This past Saturday, I held a baby. For the first time in four years. And I didn’t cry.
I haven’t held a baby since December 30, 2014. You might find it odd that I know the exact date, until I tell you that how I know is that this particular baby was the last of eight children who came through my then home as a foster child.
I and my partner at the time were foster parents for a little over a year. Originally, we thought that we would adopt from the foster care system. It’s funny how things change. And by funny, I mean sad.
After ten years of trying off and on to get pregnant again and that not happening, I thought I was ready to move on and have children in my life in other ways. I had considered fostering and adoption in a previous relationship, the one I lost a pregnancy in, but a funny thing happened (one of those things that’s not funny, but sad): I realized that the person I was with would not be a good parenting partner for me or with me.
Fast forward to a few years after that. I’m in a different relationship, plus have more failed attempts at having my own child, when my partner and I took the state-required foster care training and did allofthethings to make our home an acceptable abode for children in state custody.
Pretty immediately after we were licensed, we got the late-evening phone call that a baby needed placement. We scrambled to get together the things a teeny would need — we didn’t even have a crib up yet! I contacted a friend, who brought over everything baby that he had. The transporter brought the baby to our house at ten at night. I stayed up most of the night, marveling over the child.
I called in to work the next day to stay with the baby. That afternoon, I got a call: the child’s grandmother was going to take them. A few hours later, less than twenty-four in our care, I stood in our living room, while the social worker updated grandma on the situation. I handed the baby, who had been content in my arms, but then broke into copious tears, over to the grandma. They left the house, and I heard the baby crying until the car doors softly shut. Welcome to The System.
Some of them went back to their birth families and some of them went to another foster placement. A piece of my heart went out the door with that baby. Every child we cared for that year took a piece of my heart out the door with them when they left.
And so, until this past Saturday, I hadn’t held a baby since December, 2014.
This past Saturday, Stacy and I attended the Lawrence Brewers Guild Dwight Burnham Memorial Brewfest. We were invited by a business associate who is also a friend. An event dedicated to beer is a fairly safe place to avoid pregnant women, babies, and young children.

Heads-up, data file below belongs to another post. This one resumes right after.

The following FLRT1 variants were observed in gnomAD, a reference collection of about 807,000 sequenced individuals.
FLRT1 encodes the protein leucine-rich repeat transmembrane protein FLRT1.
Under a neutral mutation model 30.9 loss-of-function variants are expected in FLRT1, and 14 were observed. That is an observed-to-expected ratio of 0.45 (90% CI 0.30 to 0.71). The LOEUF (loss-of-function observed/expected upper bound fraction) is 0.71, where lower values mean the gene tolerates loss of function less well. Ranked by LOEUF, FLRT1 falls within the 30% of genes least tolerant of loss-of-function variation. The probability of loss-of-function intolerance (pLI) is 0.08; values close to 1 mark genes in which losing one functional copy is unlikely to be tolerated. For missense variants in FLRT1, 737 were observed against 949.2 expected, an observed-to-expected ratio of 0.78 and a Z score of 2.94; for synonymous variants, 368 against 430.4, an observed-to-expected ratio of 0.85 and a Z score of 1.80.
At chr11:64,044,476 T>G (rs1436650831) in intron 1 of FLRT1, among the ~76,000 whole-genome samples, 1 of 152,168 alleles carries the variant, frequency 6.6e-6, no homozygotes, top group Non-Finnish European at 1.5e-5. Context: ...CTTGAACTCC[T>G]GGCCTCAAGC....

And it was. It was absolutely glorious. The weather was beyond beautiful. The bands were decent-to-good. Stacy tried many locally brewed beers that he liked (and a few he didn’t care for), and I sampled some locally made sodas that were tasty.
At one point, a couple came in with a baby. I didn’t think too much of it. There was plenty else to pay attention to. But then, it happened: the friend who invited us had the baby. I felt the familiar twinge of anxiety begin to well up and spread across my middle. I quickly busied myself with thoughts of other things, and the feeling subsided.
Just a little later, though, there was our friend, dancing toward us with the baby. Turns out it was his grandson; his first grandbaby. And before I knew it, there he was, dangling from his papa’s arms, practically in my face.
I did the only thing I could do at that moment: I reached my arms toward him, scooped him up, and took in all of the squooshy, baby goodness. Like me, he had a somewhat surly disposition; we were perfectly matched. After some time, I reluctantly handed him back over to his grandad.
Then I took stock — I was ok. A little sad, but ok. This is a major improvement over even just a few months ago, when I probably would have had to physically avoid the whole interaction, or, would have suffered through it and then shut down for hours afterward.
No matter how many unkind words I have for Hope, she is still there. And that’s a good thing.
This past Saturday, I held a baby for the first time in four years, and I didn’t cry.